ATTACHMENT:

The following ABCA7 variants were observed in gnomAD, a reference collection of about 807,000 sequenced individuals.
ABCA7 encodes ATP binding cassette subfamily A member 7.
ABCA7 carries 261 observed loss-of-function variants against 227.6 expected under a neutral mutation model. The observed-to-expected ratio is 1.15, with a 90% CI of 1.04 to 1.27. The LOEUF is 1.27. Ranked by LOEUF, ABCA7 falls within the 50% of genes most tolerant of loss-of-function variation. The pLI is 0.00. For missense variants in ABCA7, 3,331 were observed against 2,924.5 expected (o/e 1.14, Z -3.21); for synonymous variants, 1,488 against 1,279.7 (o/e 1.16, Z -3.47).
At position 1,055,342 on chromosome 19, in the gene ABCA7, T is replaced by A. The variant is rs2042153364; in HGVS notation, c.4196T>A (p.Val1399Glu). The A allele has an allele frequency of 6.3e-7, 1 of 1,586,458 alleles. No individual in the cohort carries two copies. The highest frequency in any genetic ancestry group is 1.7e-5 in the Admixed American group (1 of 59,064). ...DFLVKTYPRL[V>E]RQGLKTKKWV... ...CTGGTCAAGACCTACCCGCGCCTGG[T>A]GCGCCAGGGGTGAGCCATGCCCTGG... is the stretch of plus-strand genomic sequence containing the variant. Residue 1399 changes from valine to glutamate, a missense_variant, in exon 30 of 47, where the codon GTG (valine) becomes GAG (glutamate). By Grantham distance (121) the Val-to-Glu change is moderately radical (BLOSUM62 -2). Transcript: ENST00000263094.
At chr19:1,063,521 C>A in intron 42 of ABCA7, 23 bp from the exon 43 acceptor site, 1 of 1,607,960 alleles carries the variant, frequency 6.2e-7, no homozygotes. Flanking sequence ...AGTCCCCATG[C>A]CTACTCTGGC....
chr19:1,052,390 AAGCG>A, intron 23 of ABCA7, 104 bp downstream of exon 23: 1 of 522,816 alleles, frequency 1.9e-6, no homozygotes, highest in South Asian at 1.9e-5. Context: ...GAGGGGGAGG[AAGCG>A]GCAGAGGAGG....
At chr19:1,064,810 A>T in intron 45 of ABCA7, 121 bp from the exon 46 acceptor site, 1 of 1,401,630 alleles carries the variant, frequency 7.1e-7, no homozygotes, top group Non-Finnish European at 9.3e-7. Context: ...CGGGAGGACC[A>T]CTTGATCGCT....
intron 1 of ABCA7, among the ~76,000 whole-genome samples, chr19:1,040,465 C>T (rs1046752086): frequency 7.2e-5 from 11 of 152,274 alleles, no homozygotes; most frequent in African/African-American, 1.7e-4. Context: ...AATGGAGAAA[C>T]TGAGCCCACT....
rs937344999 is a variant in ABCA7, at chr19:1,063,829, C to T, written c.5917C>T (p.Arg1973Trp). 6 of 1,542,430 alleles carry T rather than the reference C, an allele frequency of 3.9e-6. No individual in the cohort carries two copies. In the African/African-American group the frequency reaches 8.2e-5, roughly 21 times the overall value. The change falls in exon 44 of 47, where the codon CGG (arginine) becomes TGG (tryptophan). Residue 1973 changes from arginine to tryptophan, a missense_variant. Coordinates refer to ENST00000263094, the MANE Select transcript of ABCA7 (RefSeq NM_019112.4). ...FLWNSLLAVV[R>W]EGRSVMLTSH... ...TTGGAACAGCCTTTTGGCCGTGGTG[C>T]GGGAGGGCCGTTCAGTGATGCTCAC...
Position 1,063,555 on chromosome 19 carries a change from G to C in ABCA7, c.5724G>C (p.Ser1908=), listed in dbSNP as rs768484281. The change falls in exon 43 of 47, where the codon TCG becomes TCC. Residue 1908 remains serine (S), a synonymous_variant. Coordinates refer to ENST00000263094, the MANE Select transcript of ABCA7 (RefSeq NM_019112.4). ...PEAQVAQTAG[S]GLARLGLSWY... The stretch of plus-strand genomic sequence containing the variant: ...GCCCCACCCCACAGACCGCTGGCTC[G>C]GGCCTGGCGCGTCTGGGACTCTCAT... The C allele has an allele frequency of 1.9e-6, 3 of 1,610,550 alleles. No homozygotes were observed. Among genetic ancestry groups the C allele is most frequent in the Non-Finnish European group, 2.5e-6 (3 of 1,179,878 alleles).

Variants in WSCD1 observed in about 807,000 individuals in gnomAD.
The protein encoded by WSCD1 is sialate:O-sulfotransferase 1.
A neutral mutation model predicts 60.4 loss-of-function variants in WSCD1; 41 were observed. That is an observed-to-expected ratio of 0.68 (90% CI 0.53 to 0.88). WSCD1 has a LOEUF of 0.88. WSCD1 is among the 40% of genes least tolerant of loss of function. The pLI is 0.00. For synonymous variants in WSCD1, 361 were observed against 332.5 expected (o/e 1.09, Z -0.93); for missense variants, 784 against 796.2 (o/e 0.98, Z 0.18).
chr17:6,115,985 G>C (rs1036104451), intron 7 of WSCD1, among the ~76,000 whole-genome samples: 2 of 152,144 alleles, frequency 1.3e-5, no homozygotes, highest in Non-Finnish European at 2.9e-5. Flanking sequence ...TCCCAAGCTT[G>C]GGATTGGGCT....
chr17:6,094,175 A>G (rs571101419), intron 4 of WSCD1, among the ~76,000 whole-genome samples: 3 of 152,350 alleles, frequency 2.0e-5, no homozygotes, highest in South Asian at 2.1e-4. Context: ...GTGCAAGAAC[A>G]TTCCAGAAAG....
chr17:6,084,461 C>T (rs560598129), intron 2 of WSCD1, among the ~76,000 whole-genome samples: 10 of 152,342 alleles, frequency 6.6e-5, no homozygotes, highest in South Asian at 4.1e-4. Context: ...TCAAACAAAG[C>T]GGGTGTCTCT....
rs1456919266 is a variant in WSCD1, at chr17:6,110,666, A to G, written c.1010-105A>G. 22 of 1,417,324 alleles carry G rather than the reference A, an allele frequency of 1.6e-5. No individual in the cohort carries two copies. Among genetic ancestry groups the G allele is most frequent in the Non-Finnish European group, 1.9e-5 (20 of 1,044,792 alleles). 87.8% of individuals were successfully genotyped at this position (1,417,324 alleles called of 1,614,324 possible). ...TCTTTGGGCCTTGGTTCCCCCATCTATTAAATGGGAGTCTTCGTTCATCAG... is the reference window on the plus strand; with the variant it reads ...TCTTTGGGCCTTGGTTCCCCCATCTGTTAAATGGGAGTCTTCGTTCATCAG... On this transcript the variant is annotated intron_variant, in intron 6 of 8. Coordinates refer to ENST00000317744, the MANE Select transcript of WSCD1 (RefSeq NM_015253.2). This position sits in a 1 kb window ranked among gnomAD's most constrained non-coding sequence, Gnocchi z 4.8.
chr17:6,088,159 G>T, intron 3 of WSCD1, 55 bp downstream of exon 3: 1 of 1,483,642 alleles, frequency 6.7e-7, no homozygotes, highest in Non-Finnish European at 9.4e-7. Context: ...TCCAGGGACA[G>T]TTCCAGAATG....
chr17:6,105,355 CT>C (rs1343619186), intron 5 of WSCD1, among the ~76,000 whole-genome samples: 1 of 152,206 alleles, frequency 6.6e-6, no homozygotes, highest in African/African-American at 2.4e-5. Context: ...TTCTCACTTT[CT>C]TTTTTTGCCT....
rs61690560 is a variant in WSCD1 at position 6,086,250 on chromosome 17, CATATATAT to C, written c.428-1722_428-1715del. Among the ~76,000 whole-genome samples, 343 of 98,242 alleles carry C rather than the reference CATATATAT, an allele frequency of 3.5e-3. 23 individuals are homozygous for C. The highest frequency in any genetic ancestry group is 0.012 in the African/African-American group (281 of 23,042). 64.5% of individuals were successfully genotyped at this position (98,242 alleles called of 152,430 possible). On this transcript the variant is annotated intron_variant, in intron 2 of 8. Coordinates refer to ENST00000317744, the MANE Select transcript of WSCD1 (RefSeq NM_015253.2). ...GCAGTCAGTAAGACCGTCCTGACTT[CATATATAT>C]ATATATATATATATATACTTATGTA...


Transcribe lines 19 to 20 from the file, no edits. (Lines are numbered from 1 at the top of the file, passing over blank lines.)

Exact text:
chr17:6,105,355 CT>C (rs1343619186), intron 5 of WSCD1, among the ~76,000 whole-genome samples: 1 of 152,206 alleles, frequency 6.6e-6, no homozygotes, highest in African/African-American at 2.4e-5. Context: ...TTCTCACTTT[CT>C]TTTTTTGCCT....
rs61690560 is a variant in WSCD1 at position 6,086,250 on chromosome 17, CATATATAT to C, written c.428-1722_428-1715del. Among the ~76,000 whole-genome samples, 343 of 98,242 alleles carry C rather than the reference CATATATAT, an allele frequency of 3.5e-3. 23 individuals are homozygous for C. The highest frequency in any genetic ancestry group is 0.012 in the African/African-American group (281 of 23,042). 64.5% of individuals were successfully genotyped at this position (98,242 alleles called of 152,430 possible). On this transcript the variant is annotated intron_variant, in intron 2 of 8. Coordinates refer to ENST00000317744, the MANE Select transcript of WSCD1 (RefSeq NM_015253.2). ...GCAGTCAGTAAGACCGTCCTGACTT[CATATATAT>C]ATATATATATATATATACTTATGTA...